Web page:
The CEO Imperative series
CEO Survey October 2023: Focus on GenAI strategy to accelerate growth
Our latest survey finds US executives are optimistic about revenue, profits, transactions and GenAI.
CEOs’ profitability expectations for their companies are overshadowing economic fears.
Business leaders are also optimistic about the promise of GenAI strategy to accelerate business transformation. While it could take years for generative AI investments to play out, tech transformation needs to happen now and is high on CEOs’ agendas as they contemplate how artificial intelligence (AI) can give them a strategic advantage, according to the October 2023 EY CEO Outlook survey.
Meanwhile, CEOs are closely watching geopolitical, macroeconomic and market risk, and the continued high cost of capital. Our latest survey shows CEOs expect higher growth in revenue and profitability in 2024 compared with 2023.
CEOs cautiously optimistic on adopting generative artificial intelligence technology
Notably, all the CEOs we surveyed are making or planning significant investments in GenAI — with the caveat that many remain uncertain about the direction the technology will take.
CEOs are in a quandary. While 62% agree their organizations must act now on GenAI to avoid giving competitors a strategic advantage, 61% say uncertainty around GenAI makes it challenging to develop and implement an AI strategy.
With the speed of AI developments, the cost involved, ethical considerations, potential regulatory scrutiny, and other uncertainties, funding plans for now are multilayered: 37% of CEOs plan to reallocate capital from other investment budgets, 34% say they will primarily raise new capital, and 26% indicate they will reallocate capital specifically from technology budgets.
Are you currently making or planning significant investments in generative AI, and if so, how are you funding this?
A circle chart showing 100% of US respondents are making significant investments in GenAI. A bar chart shows how they will fund GenAI:
37% are primarily reallocating capital from other investment budgets.
34% primarily raising new capital
26% primarily reallocating capital from our technology budgets
3% say an equal mix of reallocating capital and raising new capital
As companies consider the investments required to build AI capabilities tailored to their business needs, leaders face significant choices and challenges in their GenAI strategy. These include whether to use open-source or proprietary large language models (LLMs) for their AI systems, and whether to build, buy or partner on their AI systems. Many businesses may claim they have AI experience, but 55% of CEOs agree it’s hard to identify credible partners or acquisition targets.
A key differentiator for the C-suite will be the proprietary data, gathered from across the enterprise, used to train and enrich LLMs. CEOs need to prioritize a robust data strategy in their GenAI-driven business transformation.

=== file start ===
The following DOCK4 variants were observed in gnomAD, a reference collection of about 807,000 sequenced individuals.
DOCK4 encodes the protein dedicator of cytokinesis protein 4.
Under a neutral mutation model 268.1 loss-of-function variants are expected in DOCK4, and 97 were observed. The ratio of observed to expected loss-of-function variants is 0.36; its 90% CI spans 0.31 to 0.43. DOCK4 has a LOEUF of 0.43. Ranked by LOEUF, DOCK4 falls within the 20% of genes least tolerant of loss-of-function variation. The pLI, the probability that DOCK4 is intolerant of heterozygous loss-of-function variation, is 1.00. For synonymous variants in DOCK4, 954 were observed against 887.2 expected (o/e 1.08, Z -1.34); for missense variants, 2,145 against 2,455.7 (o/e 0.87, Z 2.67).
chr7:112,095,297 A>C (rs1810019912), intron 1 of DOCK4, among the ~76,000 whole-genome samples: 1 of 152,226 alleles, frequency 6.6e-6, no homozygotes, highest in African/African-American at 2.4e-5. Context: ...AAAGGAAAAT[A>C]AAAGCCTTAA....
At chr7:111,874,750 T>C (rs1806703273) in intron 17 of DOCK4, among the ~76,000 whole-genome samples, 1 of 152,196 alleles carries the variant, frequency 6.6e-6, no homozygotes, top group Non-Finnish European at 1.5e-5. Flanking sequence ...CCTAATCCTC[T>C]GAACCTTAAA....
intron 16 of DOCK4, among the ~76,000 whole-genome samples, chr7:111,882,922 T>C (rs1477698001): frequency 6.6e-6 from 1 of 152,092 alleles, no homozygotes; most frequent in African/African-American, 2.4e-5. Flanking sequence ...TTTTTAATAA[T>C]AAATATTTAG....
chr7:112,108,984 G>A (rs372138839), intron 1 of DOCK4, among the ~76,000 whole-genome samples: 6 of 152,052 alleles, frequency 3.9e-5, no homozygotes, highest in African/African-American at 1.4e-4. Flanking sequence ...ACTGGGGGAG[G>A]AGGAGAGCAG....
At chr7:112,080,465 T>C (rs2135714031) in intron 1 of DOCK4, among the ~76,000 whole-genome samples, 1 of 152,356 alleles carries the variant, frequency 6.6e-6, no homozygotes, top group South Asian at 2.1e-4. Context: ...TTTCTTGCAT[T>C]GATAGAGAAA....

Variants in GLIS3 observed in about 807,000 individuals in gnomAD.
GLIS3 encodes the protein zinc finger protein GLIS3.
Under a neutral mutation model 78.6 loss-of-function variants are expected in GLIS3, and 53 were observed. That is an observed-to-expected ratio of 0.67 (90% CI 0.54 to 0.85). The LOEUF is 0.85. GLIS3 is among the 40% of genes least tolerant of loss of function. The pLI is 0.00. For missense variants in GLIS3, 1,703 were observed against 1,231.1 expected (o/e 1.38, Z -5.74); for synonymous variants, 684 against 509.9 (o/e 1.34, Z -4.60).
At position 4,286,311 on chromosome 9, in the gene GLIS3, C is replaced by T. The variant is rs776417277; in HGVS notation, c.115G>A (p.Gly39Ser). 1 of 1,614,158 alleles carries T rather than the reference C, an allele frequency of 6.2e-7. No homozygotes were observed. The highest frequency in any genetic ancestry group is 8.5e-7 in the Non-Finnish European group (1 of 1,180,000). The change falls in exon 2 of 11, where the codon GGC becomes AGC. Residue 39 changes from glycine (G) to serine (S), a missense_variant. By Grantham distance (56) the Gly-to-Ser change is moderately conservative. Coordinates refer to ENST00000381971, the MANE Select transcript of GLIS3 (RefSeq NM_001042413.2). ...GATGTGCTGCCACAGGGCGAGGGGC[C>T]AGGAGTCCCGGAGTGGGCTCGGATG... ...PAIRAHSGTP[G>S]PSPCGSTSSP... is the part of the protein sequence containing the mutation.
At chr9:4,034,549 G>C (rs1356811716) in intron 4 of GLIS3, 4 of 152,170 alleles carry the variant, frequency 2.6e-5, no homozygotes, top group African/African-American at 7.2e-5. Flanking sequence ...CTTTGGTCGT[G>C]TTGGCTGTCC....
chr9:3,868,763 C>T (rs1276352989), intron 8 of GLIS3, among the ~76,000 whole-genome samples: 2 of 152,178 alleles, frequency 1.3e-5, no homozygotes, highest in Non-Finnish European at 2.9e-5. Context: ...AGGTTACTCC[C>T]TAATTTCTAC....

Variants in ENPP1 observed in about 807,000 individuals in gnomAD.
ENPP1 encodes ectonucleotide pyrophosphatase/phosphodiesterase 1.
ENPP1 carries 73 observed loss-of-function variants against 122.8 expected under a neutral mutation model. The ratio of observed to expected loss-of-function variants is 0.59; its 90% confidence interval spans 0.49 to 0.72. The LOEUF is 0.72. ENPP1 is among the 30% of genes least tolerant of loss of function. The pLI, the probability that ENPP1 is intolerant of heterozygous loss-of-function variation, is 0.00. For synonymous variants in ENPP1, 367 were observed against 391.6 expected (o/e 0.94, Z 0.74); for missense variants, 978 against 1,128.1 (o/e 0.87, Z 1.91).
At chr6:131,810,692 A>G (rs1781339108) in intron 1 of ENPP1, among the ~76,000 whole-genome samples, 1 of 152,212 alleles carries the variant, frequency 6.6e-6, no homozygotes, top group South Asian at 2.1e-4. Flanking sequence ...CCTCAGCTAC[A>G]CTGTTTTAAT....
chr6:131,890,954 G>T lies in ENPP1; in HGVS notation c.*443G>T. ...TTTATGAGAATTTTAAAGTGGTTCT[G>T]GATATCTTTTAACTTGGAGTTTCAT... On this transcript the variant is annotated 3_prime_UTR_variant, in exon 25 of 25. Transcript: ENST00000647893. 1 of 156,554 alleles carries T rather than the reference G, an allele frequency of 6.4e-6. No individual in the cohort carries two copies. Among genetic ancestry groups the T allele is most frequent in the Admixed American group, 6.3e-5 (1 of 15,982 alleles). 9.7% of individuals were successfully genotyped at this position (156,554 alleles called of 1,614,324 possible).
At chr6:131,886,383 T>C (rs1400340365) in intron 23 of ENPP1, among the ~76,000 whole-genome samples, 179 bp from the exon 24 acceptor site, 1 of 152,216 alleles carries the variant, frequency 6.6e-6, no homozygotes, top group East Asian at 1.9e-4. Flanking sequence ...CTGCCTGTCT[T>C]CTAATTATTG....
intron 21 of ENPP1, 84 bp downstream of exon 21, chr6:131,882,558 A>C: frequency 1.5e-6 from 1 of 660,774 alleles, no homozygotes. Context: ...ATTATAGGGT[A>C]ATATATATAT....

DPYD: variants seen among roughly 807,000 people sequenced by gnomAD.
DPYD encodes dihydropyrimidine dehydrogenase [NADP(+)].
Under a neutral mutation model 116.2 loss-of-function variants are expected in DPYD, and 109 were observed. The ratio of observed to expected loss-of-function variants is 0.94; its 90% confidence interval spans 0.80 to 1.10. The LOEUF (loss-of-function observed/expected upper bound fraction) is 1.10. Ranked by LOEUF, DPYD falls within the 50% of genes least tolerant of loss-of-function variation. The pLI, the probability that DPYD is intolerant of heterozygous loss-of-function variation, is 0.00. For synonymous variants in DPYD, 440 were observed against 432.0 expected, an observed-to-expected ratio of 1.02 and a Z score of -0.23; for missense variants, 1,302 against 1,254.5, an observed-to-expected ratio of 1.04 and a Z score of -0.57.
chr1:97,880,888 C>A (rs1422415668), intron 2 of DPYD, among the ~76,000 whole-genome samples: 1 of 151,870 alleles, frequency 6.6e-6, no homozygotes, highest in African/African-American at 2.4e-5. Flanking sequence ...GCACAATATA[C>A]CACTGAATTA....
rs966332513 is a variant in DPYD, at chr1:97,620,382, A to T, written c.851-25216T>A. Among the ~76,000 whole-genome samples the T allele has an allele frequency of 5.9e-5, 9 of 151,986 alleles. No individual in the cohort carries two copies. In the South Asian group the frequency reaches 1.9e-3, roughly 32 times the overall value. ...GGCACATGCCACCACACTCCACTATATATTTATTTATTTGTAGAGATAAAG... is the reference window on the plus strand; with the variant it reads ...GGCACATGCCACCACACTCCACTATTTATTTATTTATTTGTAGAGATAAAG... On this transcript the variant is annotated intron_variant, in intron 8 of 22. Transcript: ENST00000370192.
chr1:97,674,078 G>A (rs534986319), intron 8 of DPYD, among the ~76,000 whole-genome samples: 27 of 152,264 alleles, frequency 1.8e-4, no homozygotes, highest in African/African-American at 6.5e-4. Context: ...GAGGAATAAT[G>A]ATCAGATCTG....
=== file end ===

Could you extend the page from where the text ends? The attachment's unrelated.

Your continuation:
The pace of innovation in AI is light speed and CEOs need to move fast to gain a competitive advantage. But there are big strategic questions.
The speed and maturity of technology may drive transactions
As adoption of transformative AI and other technologies moves at a rapid pace, CEOs indicate a robust appetite for transactions, at a time when they’re also more optimistic about their companies’ financial outlook.
Do you expect to actively pursue any of the following transaction initiatives over the next 12 months?
A circle chart showing 93% of US respondents expect to actively pursue transactions. Bar charts show:
52% Mergers and acquisitions
58% Divestments/spin-offs/initial public offering
63% Joint ventures or strategic alliances with third parties
The US has led a rebound in mergers and acquisitions (M&A) this year, and our survey reflects it: 52% of US CEOs plan M&A over the next 12 months, considerably higher than our global survey, which finds only 35% planning deals. In addition, 58% of CEOs plan to divest an asset in that period as leaders seek to fund capital spending in multiple areas. Also high on the CEO agenda is forming joint ventures or strategic alliances with third parties (63%) as leaders contemplate lower-risk ways to embrace innovative technologies.
Not all assets coming to market are underperforming. Changing market and governance/regulatory conditions mean companies need to divest healthy assets.
What could curb all this enthusiasm? Geopolitical uncertainty could dampen profit expectations; according to CEOs, the top two barriers to maximizing revenue growth and profitability in 2024 are increasing investment costs, and slower economic growth in key markets. With AI buzz as a backdrop, CEOs acknowledge they need a multi-layered investment strategy for 2024. Research and development (R&D) is the most likely to see higher investment in 2024, followed closely by acquisitions.
How will your investments in the following areas change as a percentage of revenue in 2024 compared with 2023?
Four ring charts show how US respondents' investments will change as a percentage of revenue from 2023 to 2024 in R&D, capex, acquisitions and corporate venture capital.
Geopolitical events are a concern, given the potential impact on startup innovation, particularly regarding AI.
The Strategy and Transactions team
In this series
The US CEO Outlook Survey (October 2023) is a part of the CEO Imperative Series, which provides critical answers and actions to help CEOs reframe the future of their organizations. This edition covers CEO perspectives on GenAI and transactions.